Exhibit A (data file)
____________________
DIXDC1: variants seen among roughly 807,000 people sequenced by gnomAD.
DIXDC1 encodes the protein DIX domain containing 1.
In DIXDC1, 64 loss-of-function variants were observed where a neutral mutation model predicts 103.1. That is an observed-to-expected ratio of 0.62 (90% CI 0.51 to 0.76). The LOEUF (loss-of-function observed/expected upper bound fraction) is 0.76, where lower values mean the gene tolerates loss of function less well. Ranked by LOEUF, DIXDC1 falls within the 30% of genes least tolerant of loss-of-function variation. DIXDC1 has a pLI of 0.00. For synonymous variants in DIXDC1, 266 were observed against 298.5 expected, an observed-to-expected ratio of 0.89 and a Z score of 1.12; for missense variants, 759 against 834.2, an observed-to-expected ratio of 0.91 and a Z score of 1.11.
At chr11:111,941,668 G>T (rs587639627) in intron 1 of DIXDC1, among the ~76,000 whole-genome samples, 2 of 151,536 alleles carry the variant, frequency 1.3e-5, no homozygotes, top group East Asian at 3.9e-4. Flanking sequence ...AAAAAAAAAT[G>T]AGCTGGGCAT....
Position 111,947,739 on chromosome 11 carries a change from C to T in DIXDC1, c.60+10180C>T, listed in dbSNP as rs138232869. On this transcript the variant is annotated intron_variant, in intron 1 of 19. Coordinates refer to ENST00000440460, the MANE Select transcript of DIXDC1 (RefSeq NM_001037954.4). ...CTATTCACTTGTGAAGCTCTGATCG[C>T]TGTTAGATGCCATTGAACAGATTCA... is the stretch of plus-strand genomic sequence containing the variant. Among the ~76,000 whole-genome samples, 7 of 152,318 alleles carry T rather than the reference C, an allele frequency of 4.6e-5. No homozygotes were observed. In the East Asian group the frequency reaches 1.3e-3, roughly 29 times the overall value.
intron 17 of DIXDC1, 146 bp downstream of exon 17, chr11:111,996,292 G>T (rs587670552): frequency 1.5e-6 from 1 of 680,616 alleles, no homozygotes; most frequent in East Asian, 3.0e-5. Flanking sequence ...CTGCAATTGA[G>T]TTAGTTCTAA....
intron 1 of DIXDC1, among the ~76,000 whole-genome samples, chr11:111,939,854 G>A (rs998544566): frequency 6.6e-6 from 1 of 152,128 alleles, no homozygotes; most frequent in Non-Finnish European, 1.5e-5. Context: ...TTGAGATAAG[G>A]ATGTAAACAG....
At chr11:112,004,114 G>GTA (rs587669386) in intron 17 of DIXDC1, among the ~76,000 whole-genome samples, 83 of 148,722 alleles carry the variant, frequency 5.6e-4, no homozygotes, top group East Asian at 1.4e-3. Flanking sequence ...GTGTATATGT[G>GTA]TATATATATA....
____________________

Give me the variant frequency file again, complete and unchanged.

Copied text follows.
DIXDC1: variants seen among roughly 807,000 people sequenced by gnomAD.
DIXDC1 encodes the protein DIX domain containing 1.
In DIXDC1, 64 loss-of-function variants were observed where a neutral mutation model predicts 103.1. That is an observed-to-expected ratio of 0.62 (90% CI 0.51 to 0.76). The LOEUF (loss-of-function observed/expected upper bound fraction) is 0.76, where lower values mean the gene tolerates loss of function less well. Ranked by LOEUF, DIXDC1 falls within the 30% of genes least tolerant of loss-of-function variation. DIXDC1 has a pLI of 0.00. For synonymous variants in DIXDC1, 266 were observed against 298.5 expected, an observed-to-expected ratio of 0.89 and a Z score of 1.12; for missense variants, 759 against 834.2, an observed-to-expected ratio of 0.91 and a Z score of 1.11.
At chr11:111,941,668 G>T (rs587639627) in intron 1 of DIXDC1, among the ~76,000 whole-genome samples, 2 of 151,536 alleles carry the variant, frequency 1.3e-5, no homozygotes, top group East Asian at 3.9e-4. Flanking sequence ...AAAAAAAAAT[G>T]AGCTGGGCAT....
Position 111,947,739 on chromosome 11 carries a change from C to T in DIXDC1, c.60+10180C>T, listed in dbSNP as rs138232869. On this transcript the variant is annotated intron_variant, in intron 1 of 19. Coordinates refer to ENST00000440460, the MANE Select transcript of DIXDC1 (RefSeq NM_001037954.4). ...CTATTCACTTGTGAAGCTCTGATCG[C>T]TGTTAGATGCCATTGAACAGATTCA... is the stretch of plus-strand genomic sequence containing the variant. Among the ~76,000 whole-genome samples, 7 of 152,318 alleles carry T rather than the reference C, an allele frequency of 4.6e-5. No homozygotes were observed. In the East Asian group the frequency reaches 1.3e-3, roughly 29 times the overall value.
intron 17 of DIXDC1, 146 bp downstream of exon 17, chr11:111,996,292 G>T (rs587670552): frequency 1.5e-6 from 1 of 680,616 alleles, no homozygotes; most frequent in East Asian, 3.0e-5. Flanking sequence ...CTGCAATTGA[G>T]TTAGTTCTAA....
intron 1 of DIXDC1, among the ~76,000 whole-genome samples, chr11:111,939,854 G>A (rs998544566): frequency 6.6e-6 from 1 of 152,128 alleles, no homozygotes; most frequent in Non-Finnish European, 1.5e-5. Context: ...TTGAGATAAG[G>A]ATGTAAACAG....
At chr11:112,004,114 G>GTA (rs587669386) in intron 17 of DIXDC1, among the ~76,000 whole-genome samples, 83 of 148,722 alleles carry the variant, frequency 5.6e-4, no homozygotes, top group East Asian at 1.4e-3. Flanking sequence ...GTGTATATGT[G>GTA]TATATATATA....